The end of the anti-lobbying clause

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The government has thrown out the anti-lobbying clause.

Today the government published a new set of standards for managing and monitoring grants which replace the anti-lobbying clause proposed by the Cabinet Office last February and whose implementation has been “paused” since April.

The clause was a response to high profile stories of misuse of government funds and was intended to prevent grant holders from using government funds to lobby government for more funds. As we pointed out, the clause would have been both under- and over-inclusive. It wouldn’t have had an impact on the behaviour the government wanted to tackle, but it was likely to have adverse unintended consequences because it applied to lots of other behaviour that the government was not targeting. Some grants the clause was going to be applied to were actually awarded to support activities the clause would have prevented by its definition of lobbying, such as providing information for policymaking.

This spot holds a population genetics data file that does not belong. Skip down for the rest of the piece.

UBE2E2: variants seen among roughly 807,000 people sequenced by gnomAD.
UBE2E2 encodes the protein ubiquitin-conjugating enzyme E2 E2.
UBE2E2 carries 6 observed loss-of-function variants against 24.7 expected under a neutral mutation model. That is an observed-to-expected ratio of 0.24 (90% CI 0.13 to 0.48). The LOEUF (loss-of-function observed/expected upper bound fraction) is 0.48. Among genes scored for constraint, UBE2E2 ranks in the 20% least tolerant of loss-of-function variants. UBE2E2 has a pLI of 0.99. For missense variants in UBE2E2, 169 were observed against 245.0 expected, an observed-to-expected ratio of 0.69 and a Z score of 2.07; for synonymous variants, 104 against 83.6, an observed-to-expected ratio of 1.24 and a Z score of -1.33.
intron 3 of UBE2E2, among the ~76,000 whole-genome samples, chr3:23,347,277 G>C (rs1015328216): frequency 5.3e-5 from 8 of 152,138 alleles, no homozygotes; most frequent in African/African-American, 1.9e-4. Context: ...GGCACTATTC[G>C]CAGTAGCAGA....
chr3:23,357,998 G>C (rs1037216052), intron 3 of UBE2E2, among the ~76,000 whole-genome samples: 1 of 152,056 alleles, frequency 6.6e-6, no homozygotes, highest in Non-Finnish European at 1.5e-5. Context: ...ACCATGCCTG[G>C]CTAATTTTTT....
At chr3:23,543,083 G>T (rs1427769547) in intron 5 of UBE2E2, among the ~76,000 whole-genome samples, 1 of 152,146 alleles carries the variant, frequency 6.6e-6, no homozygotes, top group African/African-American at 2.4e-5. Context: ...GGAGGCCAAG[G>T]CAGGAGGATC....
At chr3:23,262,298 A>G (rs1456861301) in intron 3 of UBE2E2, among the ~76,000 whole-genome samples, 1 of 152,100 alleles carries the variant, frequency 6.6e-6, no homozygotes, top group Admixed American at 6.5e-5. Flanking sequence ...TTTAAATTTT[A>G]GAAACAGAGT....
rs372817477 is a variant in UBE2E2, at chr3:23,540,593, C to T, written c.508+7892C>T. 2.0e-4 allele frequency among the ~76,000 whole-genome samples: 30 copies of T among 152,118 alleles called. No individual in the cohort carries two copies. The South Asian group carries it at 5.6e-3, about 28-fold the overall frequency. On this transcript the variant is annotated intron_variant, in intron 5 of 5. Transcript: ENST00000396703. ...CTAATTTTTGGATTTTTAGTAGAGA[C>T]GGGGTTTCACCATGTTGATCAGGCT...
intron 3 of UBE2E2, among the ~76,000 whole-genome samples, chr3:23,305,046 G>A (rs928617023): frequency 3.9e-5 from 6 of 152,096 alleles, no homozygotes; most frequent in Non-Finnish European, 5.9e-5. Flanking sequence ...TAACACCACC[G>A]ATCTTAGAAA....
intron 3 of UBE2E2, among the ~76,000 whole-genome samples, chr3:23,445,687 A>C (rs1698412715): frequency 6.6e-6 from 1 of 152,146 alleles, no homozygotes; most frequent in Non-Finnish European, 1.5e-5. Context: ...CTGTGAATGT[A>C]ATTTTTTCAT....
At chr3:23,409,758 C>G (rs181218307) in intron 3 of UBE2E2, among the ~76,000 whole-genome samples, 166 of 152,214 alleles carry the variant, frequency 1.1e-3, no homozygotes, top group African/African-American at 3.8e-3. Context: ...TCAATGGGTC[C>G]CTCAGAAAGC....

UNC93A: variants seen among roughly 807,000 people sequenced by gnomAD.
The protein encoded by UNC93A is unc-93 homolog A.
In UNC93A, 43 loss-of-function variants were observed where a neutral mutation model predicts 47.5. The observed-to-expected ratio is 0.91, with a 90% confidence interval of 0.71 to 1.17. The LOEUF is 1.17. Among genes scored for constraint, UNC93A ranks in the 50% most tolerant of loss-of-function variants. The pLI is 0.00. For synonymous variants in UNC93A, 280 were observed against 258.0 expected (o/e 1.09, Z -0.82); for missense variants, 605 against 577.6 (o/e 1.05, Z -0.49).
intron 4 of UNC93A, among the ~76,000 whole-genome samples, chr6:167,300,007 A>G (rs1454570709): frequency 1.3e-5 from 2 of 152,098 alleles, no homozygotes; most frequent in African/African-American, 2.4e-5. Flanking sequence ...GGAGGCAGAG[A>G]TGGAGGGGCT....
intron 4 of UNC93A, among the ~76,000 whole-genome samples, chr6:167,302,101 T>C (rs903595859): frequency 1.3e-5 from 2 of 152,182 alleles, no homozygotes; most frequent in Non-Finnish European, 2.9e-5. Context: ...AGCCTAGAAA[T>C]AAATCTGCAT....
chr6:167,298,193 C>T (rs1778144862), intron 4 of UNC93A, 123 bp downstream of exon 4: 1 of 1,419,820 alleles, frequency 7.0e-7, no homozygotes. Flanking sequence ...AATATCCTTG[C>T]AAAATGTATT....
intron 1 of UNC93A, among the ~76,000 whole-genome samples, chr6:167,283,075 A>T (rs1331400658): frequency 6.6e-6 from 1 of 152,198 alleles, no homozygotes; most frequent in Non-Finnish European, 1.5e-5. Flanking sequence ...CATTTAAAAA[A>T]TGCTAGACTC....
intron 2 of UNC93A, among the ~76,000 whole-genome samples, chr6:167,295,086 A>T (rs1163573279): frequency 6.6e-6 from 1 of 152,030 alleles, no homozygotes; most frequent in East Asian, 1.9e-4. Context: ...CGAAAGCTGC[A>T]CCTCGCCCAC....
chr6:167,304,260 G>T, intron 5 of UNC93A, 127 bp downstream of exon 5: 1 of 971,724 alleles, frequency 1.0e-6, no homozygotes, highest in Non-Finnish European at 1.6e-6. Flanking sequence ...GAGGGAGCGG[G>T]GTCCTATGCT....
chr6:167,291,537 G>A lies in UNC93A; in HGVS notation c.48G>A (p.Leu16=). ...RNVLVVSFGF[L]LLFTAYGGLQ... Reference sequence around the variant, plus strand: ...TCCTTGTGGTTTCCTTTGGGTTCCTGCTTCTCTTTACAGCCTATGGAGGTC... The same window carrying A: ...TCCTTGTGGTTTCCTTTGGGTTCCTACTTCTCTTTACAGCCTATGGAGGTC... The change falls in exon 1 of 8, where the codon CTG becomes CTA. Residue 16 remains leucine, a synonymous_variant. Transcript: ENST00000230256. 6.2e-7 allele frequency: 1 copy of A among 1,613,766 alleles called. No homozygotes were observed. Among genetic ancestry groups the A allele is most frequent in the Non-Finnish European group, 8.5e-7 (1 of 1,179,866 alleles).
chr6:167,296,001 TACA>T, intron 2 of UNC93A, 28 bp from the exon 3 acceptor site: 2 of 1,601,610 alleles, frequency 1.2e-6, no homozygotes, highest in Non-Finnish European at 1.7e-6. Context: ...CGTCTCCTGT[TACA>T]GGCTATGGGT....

So we are pleased to see today that the government has published new guidance restating and clarifying its governance and grant monitoring processes. The new guidance asks departments to be clear that activities such as raising issues with Ministers and giving evidence to select committees are not only allowed but encouraged.

Participating in policy discussions is a public service that can be hard, time consuming and intimidating, which is why we and many other organisations, including government, have spent over 10 years making the case for doing it. The government has made the right decision today to try to ensure that it doesn’t erect even more barriers to this.

Published: 2 December 2016